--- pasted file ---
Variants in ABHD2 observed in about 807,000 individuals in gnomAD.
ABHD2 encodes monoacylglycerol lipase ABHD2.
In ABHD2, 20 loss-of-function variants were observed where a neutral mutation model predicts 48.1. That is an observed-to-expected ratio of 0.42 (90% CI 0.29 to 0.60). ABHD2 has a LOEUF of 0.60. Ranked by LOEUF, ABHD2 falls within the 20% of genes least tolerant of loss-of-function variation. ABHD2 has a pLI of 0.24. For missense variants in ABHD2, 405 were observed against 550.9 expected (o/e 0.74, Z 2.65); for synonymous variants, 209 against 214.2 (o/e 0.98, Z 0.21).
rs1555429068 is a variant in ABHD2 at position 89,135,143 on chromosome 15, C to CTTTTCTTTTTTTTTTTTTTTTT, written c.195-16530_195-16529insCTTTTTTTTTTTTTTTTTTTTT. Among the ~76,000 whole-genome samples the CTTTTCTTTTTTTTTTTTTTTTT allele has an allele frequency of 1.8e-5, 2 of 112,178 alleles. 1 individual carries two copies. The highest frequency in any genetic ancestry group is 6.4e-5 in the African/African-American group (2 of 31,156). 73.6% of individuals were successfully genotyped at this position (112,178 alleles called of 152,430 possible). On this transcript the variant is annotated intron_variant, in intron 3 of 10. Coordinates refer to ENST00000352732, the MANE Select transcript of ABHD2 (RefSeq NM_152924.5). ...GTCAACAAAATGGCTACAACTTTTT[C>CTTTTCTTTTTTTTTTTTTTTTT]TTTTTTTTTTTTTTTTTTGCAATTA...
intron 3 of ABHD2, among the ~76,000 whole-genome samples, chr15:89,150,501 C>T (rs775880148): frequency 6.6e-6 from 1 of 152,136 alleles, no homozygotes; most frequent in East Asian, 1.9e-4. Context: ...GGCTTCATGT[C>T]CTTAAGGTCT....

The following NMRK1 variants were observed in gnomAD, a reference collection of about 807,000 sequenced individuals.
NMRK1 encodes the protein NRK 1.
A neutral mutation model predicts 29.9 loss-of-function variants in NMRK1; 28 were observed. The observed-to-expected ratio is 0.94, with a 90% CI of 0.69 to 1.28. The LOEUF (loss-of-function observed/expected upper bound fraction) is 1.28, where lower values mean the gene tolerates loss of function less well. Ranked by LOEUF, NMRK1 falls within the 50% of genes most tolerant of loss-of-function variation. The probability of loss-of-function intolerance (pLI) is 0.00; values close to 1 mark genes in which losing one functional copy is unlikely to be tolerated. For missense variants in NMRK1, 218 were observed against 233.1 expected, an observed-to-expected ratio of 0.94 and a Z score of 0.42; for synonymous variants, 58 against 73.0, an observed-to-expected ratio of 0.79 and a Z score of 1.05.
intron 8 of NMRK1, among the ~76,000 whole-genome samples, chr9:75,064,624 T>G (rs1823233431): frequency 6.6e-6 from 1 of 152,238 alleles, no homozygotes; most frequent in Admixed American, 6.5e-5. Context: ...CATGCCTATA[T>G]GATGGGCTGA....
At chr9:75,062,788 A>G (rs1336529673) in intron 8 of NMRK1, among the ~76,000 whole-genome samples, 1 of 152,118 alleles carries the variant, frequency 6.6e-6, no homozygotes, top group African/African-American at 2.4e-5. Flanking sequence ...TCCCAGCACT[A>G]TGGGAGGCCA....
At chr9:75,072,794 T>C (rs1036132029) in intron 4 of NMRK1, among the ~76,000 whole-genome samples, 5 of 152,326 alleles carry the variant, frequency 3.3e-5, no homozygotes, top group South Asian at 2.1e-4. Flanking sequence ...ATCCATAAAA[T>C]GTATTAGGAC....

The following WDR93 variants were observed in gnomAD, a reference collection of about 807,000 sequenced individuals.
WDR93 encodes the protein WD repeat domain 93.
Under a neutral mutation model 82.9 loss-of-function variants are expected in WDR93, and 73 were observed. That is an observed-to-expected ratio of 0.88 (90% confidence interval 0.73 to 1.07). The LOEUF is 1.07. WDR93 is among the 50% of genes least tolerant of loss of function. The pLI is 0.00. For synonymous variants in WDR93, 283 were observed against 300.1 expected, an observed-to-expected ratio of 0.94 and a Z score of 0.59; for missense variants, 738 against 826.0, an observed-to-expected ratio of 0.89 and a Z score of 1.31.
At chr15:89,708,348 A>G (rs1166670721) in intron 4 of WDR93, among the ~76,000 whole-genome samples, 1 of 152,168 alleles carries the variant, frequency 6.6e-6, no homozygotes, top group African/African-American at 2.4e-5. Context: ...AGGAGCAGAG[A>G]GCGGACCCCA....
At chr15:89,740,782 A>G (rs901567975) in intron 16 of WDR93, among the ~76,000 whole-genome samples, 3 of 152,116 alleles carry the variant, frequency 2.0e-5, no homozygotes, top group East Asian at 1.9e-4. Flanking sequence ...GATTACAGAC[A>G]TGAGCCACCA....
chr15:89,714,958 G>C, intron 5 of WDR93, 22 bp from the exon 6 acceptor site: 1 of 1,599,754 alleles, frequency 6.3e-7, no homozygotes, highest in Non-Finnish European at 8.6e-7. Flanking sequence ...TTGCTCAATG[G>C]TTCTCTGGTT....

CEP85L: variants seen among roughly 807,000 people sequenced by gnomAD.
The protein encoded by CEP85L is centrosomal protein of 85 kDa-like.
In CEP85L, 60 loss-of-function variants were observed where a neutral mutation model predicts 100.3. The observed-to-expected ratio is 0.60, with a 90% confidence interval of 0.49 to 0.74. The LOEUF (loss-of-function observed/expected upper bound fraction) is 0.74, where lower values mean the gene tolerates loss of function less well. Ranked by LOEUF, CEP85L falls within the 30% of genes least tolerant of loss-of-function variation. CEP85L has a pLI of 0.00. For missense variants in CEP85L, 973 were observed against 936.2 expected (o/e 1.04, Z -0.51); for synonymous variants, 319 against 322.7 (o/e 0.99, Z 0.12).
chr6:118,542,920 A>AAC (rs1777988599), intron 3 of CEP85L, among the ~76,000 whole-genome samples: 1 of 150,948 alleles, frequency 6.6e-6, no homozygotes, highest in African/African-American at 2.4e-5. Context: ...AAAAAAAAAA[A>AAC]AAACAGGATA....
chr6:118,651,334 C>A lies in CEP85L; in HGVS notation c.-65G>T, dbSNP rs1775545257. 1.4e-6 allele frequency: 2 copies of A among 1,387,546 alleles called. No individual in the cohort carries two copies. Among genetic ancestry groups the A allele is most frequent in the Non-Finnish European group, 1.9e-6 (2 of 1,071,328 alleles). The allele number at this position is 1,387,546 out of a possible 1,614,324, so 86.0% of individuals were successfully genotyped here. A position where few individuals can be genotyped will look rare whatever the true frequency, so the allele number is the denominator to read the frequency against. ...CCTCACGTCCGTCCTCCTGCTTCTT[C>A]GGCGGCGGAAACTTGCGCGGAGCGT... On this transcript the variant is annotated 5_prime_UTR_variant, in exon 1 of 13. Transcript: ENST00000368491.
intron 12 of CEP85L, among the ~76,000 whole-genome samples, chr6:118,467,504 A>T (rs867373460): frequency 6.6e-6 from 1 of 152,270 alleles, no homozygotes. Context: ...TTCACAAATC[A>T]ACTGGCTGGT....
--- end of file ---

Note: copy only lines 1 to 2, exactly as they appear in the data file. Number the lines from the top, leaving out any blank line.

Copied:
Variants in ABHD2 observed in about 807,000 individuals in gnomAD.
ABHD2 encodes monoacylglycerol lipase ABHD2.